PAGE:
2000Gao XingjianFrancenovelist, dramatist
2001Sir V.S. NaipaulTrinidadnovelist
2003J.M. CoetzeeSouth Africanovelist
2004Elfriede JelinekAustrianovelist, dramatist
2008Jean-Marie Gustave Le ClézioFrancenovelist, essayist
2010Mario Vargas LlosaPerunovelist, dramatist
2012Mo YanChinanovelist, short-story writer
2013Alice MunroCanadashort-story writer
2015Svetlana AlexievichBelarusjournalist, prose writer
2016Bob DylanU.S.singer, songwriter
2018**Olga TokarczukPolandnovelist, poet, essayist
2019Peter HandkeAustrianovelist, poet, essayist, playwright
2022Annie ErnauxFrancenovelist, memoirist
I always talked about the American honorees to my classes, figuring that they should at least be familiar with great artists from their own country. Sinclair Lewis, Eugene O'Neill, and Pearl Buck all won in the 1930s. For decades, Buck was the only female American honoree, and O'Neill remains the only American playwright, though some others have dabbled with drama. Faulkner and Hemingway took the prize in the 40s and 50s. Faulkner's reception speech was so highly regarded that it was published itself! John Steinbeck won in the 1960s. In 1976, I was elated to learn that Saul Bellow had been selected, as I was just completing my Master's thesis on his novels. It felt like a validation of sorts. There have been a few American honorees who really belong to other countries but who were living in America at the time of their selection. They include Isaac Bashevis Singer in 1978 and Joseph Brodsky in 1987. Czeslaw Milosz couldn't get his works published in Poland while it was behind the Iron Curtain, so he published his works in Polish from America during the two decades prior to his award as an "American" author in 1980. On the other hand, St. Louis-born T.S. Eliot, perhaps the most influential poet of the 20th Century, is considered a British honoree because he renounced his American citizenship in his late thirties. Hard to pretend that his American roots didn't play a profound role in his work though. Toni Morrison took the prize in the 90s. And in recent years Bob Dylan and Louise Gluck have received the Nobel distinction.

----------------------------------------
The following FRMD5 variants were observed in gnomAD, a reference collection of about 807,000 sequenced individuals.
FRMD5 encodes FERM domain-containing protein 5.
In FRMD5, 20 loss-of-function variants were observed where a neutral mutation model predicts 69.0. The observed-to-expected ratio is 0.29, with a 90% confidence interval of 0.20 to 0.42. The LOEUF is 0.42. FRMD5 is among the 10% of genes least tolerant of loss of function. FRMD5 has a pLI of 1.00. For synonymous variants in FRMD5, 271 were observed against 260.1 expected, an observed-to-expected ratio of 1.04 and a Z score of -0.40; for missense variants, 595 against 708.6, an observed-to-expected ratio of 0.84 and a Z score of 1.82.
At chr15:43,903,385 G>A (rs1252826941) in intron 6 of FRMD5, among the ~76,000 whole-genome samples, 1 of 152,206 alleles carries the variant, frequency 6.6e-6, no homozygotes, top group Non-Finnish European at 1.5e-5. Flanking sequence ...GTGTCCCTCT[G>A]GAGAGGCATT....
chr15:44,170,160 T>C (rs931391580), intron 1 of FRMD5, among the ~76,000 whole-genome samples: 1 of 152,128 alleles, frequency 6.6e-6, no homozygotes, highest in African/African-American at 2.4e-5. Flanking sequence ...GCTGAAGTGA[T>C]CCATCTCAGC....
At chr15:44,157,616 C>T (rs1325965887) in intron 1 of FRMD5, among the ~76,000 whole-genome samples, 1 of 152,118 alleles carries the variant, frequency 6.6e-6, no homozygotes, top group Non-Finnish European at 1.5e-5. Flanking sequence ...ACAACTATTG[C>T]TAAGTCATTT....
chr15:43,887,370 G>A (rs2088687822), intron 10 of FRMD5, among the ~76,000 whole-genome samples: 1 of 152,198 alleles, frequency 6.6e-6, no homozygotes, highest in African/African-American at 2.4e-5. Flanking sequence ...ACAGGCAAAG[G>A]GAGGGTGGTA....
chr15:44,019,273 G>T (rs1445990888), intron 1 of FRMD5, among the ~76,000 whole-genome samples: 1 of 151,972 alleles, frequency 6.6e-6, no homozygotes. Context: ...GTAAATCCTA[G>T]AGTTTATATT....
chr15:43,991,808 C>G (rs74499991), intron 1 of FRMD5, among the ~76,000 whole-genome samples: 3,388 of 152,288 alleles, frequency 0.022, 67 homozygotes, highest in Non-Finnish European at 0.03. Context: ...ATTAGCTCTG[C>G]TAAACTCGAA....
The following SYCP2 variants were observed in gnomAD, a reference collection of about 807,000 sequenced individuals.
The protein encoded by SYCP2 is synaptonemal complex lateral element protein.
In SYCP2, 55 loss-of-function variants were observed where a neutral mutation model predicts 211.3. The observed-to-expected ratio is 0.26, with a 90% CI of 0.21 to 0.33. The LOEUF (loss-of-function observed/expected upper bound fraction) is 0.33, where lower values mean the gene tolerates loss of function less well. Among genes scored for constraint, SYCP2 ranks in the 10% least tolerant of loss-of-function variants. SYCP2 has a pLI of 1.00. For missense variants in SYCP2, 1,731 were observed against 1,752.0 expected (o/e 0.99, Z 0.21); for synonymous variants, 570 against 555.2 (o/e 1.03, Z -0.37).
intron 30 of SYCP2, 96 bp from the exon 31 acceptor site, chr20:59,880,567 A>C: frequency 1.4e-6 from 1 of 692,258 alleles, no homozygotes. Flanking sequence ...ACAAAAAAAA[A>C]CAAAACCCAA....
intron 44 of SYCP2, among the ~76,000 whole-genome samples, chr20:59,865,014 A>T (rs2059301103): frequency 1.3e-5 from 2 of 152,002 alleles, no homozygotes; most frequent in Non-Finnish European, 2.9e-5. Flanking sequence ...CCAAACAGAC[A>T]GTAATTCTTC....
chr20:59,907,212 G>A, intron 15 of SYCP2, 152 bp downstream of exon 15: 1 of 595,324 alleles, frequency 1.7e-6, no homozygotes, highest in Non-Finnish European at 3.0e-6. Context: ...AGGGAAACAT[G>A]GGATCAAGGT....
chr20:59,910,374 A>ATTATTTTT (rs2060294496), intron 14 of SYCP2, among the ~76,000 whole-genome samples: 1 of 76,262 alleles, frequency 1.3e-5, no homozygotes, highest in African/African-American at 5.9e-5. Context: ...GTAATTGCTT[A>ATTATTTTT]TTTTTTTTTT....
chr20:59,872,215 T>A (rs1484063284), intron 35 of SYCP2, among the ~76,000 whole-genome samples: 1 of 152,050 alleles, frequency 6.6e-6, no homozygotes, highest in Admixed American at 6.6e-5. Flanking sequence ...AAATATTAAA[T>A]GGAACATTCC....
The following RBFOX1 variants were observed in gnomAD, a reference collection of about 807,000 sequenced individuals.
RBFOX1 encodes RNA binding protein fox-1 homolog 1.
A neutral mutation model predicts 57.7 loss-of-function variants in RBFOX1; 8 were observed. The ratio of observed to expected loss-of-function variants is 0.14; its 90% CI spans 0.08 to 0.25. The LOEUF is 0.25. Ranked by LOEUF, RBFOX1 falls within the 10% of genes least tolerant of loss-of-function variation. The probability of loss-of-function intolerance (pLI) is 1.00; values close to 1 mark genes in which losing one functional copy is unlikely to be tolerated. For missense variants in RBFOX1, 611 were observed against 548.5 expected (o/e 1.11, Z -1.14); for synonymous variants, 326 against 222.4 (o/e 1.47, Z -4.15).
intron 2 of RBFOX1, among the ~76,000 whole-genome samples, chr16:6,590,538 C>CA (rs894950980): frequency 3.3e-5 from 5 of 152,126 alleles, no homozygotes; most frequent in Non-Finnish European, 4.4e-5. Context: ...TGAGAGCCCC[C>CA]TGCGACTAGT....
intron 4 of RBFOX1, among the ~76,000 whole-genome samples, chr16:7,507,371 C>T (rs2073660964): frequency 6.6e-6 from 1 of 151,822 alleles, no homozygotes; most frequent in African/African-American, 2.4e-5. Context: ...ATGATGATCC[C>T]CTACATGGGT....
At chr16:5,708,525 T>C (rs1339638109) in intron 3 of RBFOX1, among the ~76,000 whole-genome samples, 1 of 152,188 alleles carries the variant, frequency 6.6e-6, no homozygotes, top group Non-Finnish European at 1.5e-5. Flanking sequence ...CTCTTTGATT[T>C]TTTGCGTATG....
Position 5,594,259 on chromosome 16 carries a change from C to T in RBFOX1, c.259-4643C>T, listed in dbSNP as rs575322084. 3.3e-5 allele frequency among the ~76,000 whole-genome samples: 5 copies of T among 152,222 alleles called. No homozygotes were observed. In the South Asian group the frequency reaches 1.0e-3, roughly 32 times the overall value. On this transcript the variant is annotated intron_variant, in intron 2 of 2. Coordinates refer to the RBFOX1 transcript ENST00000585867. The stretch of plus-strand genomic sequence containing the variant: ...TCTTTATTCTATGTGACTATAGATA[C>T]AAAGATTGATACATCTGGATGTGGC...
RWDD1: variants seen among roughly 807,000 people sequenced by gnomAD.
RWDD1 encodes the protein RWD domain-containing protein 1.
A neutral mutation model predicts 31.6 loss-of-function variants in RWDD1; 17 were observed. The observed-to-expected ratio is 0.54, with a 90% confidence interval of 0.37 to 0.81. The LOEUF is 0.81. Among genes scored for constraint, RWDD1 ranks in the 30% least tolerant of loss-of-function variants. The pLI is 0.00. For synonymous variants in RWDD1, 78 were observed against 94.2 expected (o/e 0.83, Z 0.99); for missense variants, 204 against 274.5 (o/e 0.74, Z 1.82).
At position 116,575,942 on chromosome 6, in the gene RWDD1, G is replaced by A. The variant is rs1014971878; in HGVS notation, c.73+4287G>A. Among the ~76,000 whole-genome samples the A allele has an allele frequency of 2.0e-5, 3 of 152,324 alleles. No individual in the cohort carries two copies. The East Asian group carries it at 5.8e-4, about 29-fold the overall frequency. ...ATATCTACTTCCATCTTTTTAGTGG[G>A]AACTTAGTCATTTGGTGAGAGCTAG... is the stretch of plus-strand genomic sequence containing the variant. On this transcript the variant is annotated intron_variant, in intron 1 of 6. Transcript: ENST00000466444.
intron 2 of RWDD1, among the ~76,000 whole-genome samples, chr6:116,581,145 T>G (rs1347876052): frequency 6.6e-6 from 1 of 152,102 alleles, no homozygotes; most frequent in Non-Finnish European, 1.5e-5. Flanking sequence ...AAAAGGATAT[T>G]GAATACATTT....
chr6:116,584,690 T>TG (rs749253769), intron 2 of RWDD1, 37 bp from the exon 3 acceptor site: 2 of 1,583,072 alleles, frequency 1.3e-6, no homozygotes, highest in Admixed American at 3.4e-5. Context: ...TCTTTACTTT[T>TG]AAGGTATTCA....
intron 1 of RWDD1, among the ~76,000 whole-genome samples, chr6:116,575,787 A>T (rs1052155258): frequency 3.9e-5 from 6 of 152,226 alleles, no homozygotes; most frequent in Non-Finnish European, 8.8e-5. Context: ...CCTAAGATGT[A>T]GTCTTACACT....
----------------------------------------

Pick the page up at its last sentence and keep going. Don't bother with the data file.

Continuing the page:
I have been fortunate enough to meet a few Nobel recipients. I met Saul Bellow in 1999 at the JFK Library in Boston during the Hemingway Centennial Conference. My boss called me up to a short line queuing before the master, and I asked Bellow to sign a few first editions I had brought with me. Bellow was embarrassed that everyone was paying attention to him when there were other Nobel winners nearby. He introduced me to the person sitting next to him--Derek Walcott, the 1992 recipient. I had no first editions of Walcott's works. It's funny, in retrospect, that now Walcott is probably taught more widely on college campuses than Bellow is. I also met Nadine Gordimer on multiple occasions. She is, perhaps, the dean of South African fiction, especially focusing on the inequities of the Apartheid era in South Africa. In addition, I saw Harold Pinter perform on the stage during a Lincoln Center tribute in 2000.
I have taught the works of many of the award-winners. The Prize has occasionally prompted me to check out a writer with whom I am not especially familiar. Nevertheless, I will be pulling for Tom Stoppard tomorrow morning but expecting someone I have never heard of and will head to Amazon to remedy the situation!
Update: Well, Jon Fosse took the prize this year. Here is a brief interview with the honoree: